Spider-Man: Into the Spider-Verse
Directors Bob Persichetti, Peter Ramsey, and Rodney Rothman have breathed thrilling new life into the comic book movie. The way they play with tone, form…
Matt Zoller Seitz is the Editor at Large of RogerEbert.com. He is also the TV critic for New York Magazine and Vulture.com, and a finalist for the Pulitzer Prize in criticism. His writing on film and television has appeared in The New York Times, Salon.com, The New Republic and Sight and Sound. Seitz is the founder and original editor of the influential film blog The House Next Door, now a part of Slant Magazine, and the co-founder and original editor of Press Play, an IndieWire blog of film and TV criticism and video essays.
A Brooklyn-based writer and filmmaker, Seitz has written, narrated, edited or produced over a hundred hours’ worth of video essays about cinema history and style for The Museum of the Moving Image, Salon.com and Vulture, among other outlets. His five-part 2009 video essay Wes Anderson: The Substance of Style was spun off into the hardcover book The Wes Anderson Collection. This book and its follow-up, The Wes Anderson Collection: Grand Budapest Hotel were New York Times bestsellers.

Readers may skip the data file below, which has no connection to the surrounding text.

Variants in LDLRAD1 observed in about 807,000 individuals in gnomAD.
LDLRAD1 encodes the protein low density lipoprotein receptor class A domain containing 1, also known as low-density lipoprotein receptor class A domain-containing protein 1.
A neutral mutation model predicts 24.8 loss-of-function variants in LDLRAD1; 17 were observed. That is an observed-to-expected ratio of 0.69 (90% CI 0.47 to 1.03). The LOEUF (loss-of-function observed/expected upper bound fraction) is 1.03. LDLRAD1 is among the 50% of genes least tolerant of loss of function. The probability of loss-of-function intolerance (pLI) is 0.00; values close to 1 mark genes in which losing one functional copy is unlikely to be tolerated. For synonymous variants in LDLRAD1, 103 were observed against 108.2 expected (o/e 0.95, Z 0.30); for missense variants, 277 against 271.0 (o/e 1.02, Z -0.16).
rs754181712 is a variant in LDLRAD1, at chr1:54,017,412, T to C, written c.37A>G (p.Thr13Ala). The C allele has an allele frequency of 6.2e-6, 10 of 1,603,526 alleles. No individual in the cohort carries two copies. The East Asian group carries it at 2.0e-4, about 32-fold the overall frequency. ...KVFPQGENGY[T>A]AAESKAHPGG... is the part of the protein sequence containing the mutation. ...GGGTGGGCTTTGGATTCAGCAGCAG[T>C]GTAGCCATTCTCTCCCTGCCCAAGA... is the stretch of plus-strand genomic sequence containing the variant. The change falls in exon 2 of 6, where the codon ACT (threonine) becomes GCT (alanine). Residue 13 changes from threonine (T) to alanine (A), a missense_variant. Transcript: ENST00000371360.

Other Seitz books include Mad Men Carousel: The Complete Critical Companion, The Oliver Stone Experience, and TV (The Book). He is currently working on a novel, a children's film, and a book about the history of horror, co-authored with RogerEbert.com contributor Simon Abrams.
A thriller that feels new, in many different ways.
Jason Statham versus a very big fish.
Burt Reynolds' mix of deep talent and light-footed charisma was unique.
Roger Ebert was born on this day in 1942, and died a little over five years ago. I owe a good part of my success to reading and watching Roger, emulating as many of his lessons as I could, and later, being championed by him.
An interview with Keith Carradine and Alan Rudolph.
A new video essay explores the uncanny durability of "Invasion of the Body Snatchers"
Starring Dwayne Johnson and other giant creatures.
On the legacy of 2001 and Roger's writing about it on the film's 50th anniversary.
A hilarious film about a subject that's not funny at all.
It's not uncommon to feel blue.